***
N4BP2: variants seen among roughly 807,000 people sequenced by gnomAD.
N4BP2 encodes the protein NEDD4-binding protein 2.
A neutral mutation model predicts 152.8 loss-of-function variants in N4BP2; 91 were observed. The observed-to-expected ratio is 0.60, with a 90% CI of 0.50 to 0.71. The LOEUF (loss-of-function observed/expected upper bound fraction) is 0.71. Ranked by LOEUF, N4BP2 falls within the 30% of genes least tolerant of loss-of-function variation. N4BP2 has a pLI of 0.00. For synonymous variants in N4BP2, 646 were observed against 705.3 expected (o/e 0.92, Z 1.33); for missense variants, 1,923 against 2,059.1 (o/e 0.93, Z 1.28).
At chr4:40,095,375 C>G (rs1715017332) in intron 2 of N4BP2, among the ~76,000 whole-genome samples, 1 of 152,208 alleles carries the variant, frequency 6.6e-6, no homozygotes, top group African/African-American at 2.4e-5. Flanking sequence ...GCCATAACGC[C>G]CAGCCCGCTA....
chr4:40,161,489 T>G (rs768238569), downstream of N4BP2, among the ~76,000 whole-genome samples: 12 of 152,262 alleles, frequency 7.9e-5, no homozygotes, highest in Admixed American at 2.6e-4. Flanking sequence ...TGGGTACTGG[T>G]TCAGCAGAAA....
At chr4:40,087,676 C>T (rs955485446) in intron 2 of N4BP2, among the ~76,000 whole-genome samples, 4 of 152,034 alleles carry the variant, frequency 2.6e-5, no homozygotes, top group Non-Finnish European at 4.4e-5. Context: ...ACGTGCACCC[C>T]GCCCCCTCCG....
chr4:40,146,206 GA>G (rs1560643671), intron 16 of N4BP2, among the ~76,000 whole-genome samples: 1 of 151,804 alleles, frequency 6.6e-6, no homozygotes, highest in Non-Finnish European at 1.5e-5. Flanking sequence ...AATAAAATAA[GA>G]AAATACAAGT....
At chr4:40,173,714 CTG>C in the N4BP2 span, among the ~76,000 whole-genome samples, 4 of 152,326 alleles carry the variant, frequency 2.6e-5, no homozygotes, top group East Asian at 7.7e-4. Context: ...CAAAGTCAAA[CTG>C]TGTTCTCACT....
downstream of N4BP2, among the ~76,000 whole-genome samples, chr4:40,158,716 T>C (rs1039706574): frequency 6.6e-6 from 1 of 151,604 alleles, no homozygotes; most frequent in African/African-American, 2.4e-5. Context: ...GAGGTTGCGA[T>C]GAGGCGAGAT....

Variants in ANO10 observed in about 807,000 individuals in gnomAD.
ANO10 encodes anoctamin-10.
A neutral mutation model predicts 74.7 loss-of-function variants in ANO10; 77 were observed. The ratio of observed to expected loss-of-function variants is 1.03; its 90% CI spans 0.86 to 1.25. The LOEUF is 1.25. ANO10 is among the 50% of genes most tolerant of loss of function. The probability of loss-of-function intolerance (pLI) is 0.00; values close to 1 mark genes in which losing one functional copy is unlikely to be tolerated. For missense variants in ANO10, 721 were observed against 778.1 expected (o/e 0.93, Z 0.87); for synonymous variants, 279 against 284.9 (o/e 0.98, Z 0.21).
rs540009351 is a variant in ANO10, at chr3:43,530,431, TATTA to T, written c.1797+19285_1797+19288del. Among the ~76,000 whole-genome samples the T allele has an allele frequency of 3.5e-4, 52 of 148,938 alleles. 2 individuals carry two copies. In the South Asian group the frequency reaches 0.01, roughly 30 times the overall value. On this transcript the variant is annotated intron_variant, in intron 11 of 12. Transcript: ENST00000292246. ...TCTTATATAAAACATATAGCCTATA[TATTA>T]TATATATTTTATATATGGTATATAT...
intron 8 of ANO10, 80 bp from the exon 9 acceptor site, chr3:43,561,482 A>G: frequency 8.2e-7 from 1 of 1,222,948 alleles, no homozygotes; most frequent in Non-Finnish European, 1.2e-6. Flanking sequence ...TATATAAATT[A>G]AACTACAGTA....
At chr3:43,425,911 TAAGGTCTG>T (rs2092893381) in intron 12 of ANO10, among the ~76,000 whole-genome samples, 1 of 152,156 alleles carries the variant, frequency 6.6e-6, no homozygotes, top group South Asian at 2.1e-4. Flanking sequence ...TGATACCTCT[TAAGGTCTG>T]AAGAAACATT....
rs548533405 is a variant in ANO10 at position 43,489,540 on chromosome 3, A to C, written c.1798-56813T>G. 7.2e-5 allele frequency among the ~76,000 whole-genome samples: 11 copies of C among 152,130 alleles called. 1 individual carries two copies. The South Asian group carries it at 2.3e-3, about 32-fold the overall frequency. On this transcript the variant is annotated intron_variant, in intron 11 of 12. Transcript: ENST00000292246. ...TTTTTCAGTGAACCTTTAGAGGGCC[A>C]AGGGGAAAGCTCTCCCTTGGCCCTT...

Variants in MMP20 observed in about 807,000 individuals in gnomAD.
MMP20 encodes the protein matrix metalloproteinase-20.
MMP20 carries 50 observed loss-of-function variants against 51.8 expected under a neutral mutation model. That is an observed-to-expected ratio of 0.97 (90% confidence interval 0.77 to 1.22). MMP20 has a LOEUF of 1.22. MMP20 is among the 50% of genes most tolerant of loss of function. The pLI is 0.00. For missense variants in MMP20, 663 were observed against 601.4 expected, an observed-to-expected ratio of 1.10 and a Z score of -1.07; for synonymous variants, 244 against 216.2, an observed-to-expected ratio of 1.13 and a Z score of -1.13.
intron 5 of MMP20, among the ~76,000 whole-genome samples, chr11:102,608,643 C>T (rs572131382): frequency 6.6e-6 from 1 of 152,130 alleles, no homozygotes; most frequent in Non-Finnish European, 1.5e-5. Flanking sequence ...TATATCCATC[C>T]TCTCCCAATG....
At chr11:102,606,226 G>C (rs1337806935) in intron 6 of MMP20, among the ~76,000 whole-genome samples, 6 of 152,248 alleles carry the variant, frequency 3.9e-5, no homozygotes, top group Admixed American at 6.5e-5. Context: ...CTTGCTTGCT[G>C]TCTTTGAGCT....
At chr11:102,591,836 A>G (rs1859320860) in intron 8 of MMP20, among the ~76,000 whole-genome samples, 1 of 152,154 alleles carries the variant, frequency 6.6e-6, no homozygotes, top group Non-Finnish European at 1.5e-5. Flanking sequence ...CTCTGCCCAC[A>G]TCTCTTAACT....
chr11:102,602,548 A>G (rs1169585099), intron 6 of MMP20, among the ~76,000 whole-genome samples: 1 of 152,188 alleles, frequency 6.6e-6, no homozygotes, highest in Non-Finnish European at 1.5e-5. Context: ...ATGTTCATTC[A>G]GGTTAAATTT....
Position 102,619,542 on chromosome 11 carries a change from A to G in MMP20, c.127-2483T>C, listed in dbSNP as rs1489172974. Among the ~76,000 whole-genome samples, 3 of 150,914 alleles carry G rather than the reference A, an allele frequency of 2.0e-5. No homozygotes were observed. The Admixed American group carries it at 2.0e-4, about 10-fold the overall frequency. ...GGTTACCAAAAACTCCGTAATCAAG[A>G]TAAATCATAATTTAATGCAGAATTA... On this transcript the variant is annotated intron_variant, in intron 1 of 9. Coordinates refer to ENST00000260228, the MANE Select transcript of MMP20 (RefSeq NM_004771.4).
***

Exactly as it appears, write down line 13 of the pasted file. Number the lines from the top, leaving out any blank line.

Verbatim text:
rs540009351 is a variant in ANO10, at chr3:43,530,431, TATTA to T, written c.1797+19285_1797+19288del. Among the ~76,000 whole-genome samples the T allele has an allele frequency of 3.5e-4, 52 of 148,938 alleles. 2 individuals carry two copies. In the South Asian group the frequency reaches 0.01, roughly 30 times the overall value. On this transcript the variant is annotated intron_variant, in intron 11 of 12. Transcript: ENST00000292246. ...TCTTATATAAAACATATAGCCTATA[TATTA>T]TATATATTTTATATATGGTATATAT...